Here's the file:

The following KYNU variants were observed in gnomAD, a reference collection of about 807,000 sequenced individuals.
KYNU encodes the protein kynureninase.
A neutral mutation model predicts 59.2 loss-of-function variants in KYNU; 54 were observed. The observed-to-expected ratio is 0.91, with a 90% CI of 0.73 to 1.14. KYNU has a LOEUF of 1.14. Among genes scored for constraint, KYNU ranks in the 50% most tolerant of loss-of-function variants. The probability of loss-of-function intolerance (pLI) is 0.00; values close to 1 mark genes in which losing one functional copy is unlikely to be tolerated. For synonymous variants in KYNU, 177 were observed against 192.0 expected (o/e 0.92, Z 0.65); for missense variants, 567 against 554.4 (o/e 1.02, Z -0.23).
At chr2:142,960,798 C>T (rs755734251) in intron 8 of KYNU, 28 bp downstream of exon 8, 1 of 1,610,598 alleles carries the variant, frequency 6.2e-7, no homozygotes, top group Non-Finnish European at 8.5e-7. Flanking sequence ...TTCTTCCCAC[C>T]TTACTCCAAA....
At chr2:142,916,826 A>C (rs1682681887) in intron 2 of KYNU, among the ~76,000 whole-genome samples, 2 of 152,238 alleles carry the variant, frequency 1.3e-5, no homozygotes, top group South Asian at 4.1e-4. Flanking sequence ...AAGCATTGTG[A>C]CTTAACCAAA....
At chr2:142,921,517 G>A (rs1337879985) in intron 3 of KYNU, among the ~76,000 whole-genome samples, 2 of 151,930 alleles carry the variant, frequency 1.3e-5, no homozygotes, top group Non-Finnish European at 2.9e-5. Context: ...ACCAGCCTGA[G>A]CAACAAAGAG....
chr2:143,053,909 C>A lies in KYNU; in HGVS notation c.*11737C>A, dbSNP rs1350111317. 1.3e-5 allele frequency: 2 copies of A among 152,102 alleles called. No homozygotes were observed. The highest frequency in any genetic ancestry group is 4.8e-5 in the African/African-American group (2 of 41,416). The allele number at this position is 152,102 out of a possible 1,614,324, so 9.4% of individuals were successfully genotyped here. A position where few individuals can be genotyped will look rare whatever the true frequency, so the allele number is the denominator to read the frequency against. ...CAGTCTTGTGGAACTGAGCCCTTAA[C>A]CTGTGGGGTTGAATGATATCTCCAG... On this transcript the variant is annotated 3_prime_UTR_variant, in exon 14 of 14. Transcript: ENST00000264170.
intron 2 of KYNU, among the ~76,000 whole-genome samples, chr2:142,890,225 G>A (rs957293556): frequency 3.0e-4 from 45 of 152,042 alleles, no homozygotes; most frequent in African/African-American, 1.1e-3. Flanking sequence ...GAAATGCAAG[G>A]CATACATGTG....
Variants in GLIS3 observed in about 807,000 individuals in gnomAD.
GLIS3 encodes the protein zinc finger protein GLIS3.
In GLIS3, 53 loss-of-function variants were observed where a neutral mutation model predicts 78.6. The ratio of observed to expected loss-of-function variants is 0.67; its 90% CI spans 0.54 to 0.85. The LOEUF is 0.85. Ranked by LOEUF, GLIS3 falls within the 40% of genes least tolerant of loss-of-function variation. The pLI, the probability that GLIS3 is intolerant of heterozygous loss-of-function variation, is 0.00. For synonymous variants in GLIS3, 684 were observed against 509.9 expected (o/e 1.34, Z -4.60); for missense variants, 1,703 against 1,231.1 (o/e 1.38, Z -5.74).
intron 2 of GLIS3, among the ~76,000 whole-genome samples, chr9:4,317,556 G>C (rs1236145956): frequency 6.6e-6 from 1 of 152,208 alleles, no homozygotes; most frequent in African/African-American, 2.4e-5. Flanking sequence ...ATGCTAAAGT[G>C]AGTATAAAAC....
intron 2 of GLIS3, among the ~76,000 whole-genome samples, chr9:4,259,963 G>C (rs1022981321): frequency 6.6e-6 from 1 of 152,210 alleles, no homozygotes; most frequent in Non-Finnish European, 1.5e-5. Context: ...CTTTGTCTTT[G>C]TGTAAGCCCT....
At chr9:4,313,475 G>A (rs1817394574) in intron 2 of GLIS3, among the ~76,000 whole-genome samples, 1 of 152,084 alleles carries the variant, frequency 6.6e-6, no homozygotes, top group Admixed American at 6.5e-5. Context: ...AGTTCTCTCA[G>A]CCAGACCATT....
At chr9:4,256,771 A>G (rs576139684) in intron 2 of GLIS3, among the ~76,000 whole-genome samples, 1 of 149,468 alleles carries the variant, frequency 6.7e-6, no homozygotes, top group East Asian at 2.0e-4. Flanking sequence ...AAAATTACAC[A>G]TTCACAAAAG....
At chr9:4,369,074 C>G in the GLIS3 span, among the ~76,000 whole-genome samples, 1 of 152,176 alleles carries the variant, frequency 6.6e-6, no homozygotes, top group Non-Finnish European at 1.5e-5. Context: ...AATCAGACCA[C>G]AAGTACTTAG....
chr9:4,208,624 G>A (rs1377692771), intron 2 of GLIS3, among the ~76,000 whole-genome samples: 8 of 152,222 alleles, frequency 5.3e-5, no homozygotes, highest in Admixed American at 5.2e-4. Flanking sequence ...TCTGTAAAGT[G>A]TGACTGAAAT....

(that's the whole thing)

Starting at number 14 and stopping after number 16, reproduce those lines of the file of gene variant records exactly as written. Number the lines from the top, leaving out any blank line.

At chr9:4,313,475 G>A (rs1817394574) in intron 2 of GLIS3, among the ~76,000 whole-genome samples, 1 of 152,084 alleles carries the variant, frequency 6.6e-6, no homozygotes, top group Admixed American at 6.5e-5. Context: ...AGTTCTCTCA[G>A]CCAGACCATT....
At chr9:4,256,771 A>G (rs576139684) in intron 2 of GLIS3, among the ~76,000 whole-genome samples, 1 of 149,468 alleles carries the variant, frequency 6.7e-6, no homozygotes, top group East Asian at 2.0e-4. Flanking sequence ...AAAATTACAC[A>G]TTCACAAAAG....
At chr9:4,369,074 C>G in the GLIS3 span, among the ~76,000 whole-genome samples, 1 of 152,176 alleles carries the variant, frequency 6.6e-6, no homozygotes, top group Non-Finnish European at 1.5e-5. Context: ...AATCAGACCA[C>G]AAGTACTTAG....